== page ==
Stigma Reduction Research

The stigma associated with mental illnesses prevents treatment and impedes recovery. It is fundamental to discrimination in housing, employment, healthcare and insurance reimbursement. Stigma impacts productivity in the workforce and community health. Research on addressing discrimination and stigma has shown that individuals’ attitudes improve when they have direct contact with persons with mental illnesses, when they can get to know people beyond labels and myths (contact strategies). Research also demonstrates that some efforts to reduce stigma such as protesting and education about illnesses, while well intentioned, in some cases have actually increased the negative attitudes and behaviors of stigma. If one of the goals of a presentation is to reduce stigma, contact with a person living in recovery has been shown to be the most effective both immediately after the presentation and in follow-up evaluations.

For contact strategies to work, individuals need to be willing to self-disclose or identify that they have received mental health services. Self-disclosure has advantages and may also have risks. A person must make a number of considerations when deciding whether to disclose. Self-disclosing is a complex and personal issue that is best addressed only when the individual feels strong and ready to do so. Disclosure takes place in a narrow or broad context-as decided by the individual.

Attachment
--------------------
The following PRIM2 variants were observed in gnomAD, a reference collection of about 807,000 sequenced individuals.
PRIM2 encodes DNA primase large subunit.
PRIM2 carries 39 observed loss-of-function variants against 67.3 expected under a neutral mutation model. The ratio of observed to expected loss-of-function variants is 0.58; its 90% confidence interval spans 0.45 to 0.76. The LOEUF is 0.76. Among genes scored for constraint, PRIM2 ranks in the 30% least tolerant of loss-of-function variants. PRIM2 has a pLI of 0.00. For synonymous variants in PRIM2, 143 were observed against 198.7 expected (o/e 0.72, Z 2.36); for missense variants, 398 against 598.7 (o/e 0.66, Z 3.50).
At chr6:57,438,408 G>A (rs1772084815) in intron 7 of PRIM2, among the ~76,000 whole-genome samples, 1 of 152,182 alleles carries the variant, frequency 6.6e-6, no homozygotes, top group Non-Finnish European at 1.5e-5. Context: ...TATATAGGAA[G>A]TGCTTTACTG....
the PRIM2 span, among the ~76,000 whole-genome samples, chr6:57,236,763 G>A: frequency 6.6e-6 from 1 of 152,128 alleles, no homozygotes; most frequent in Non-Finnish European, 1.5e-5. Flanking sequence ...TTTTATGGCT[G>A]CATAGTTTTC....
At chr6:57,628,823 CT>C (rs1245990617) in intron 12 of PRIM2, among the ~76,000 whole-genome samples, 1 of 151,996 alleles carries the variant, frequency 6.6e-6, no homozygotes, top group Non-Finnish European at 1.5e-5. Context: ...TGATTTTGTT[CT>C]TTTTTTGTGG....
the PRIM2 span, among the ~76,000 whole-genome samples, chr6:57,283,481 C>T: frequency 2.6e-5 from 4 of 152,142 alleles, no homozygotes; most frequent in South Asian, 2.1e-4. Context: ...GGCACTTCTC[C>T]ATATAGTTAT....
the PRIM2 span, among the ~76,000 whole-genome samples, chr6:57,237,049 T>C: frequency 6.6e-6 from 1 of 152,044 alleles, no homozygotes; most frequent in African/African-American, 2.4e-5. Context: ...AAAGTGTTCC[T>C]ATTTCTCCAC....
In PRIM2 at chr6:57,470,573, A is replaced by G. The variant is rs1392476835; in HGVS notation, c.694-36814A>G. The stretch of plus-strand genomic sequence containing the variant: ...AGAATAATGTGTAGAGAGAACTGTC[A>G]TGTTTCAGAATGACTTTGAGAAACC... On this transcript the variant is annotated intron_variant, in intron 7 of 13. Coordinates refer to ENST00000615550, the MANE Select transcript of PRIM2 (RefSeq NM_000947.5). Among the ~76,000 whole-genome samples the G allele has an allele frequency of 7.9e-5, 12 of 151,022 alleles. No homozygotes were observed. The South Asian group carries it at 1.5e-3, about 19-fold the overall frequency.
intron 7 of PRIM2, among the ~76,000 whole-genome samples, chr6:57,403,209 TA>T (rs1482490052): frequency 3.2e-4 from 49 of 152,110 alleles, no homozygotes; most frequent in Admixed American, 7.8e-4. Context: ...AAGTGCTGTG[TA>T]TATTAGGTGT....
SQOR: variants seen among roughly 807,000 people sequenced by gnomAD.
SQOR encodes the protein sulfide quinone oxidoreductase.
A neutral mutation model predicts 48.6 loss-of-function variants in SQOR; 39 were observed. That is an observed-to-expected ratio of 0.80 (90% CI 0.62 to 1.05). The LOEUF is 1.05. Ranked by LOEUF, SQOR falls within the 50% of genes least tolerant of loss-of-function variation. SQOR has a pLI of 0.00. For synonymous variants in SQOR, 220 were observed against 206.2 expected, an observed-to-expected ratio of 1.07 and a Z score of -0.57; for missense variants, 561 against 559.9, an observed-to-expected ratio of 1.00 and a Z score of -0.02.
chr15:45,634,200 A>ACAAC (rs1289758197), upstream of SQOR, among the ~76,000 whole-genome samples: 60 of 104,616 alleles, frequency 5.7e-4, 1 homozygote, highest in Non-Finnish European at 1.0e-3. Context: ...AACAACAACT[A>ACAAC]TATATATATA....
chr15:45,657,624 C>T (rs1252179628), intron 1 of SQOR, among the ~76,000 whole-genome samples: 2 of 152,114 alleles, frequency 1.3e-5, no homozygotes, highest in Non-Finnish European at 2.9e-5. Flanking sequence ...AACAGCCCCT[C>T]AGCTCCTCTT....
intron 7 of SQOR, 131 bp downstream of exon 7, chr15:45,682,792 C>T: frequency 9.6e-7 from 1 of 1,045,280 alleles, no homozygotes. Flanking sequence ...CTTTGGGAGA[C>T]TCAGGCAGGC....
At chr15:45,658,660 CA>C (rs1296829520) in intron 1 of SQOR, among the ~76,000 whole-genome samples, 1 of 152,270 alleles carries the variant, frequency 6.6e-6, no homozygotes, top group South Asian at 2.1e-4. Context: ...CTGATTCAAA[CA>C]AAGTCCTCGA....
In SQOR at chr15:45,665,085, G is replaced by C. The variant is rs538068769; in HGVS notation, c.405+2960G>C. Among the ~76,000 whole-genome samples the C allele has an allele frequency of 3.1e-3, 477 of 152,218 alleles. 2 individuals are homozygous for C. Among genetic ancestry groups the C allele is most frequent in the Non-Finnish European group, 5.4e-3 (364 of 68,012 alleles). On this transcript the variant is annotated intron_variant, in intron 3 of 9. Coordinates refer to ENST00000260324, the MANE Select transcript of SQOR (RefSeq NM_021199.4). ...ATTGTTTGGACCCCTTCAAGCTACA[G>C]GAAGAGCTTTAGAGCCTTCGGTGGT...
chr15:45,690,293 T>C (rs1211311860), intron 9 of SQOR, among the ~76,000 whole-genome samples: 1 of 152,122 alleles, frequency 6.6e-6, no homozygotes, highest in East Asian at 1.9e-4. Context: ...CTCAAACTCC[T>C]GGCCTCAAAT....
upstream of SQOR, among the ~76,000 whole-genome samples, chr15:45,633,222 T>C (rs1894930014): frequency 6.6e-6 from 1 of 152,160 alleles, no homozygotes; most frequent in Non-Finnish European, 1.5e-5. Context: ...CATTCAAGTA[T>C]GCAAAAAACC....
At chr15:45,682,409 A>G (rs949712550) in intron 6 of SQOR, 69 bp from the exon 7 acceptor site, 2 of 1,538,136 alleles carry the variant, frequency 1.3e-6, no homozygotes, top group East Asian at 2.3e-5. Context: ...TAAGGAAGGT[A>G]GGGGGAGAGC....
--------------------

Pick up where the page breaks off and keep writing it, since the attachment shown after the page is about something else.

Overall, the literature indicates that strategically disclosing to others about one’s own mental illness has positive effects. Thus, it is of the utmost importance for individuals to learn not only how to cope with mental health issues, but how to disclose to others in a way that is liberating, helpful, and rewarding. The more contact and openness on the topic of mental health in our society, the more people who receive mental health services will be able to avoid the stigma and discrimination. And in turn, the more individuals will seek treatment and pursue recovery.

The following are research articles that provided the content for this summary:

  • Corrigan PW, River LP, Lundin RK, et al: Three strategies for changing attributions about severe mental illness. Schizophrenia Bulletin 27:187–195, 2001
  • Corrigan PW, Watson AC, Warpinski AC, et al: Implications of educating the public on mental illness, violence, and stigma. Psychiatric Services 55:577–580, 2004
  • Corrigan P, Where is the Evidence Supporting Public Service Announcements to Eliminate Mental Illness Stigma? Psychiatric Services. Vol 63 #1. January 2012
  • Sartorius N, Schulze H: Reducing the Stigma of Mental Illness: A Report From a Global Programme of the World Psychiatric Association. Cambridge, United Kingdom, Cambridge University Press, 2005
  • Thornicroft G: Shunned: Discrimination Against People With Mental Illness. New York, Oxford University Press, 2006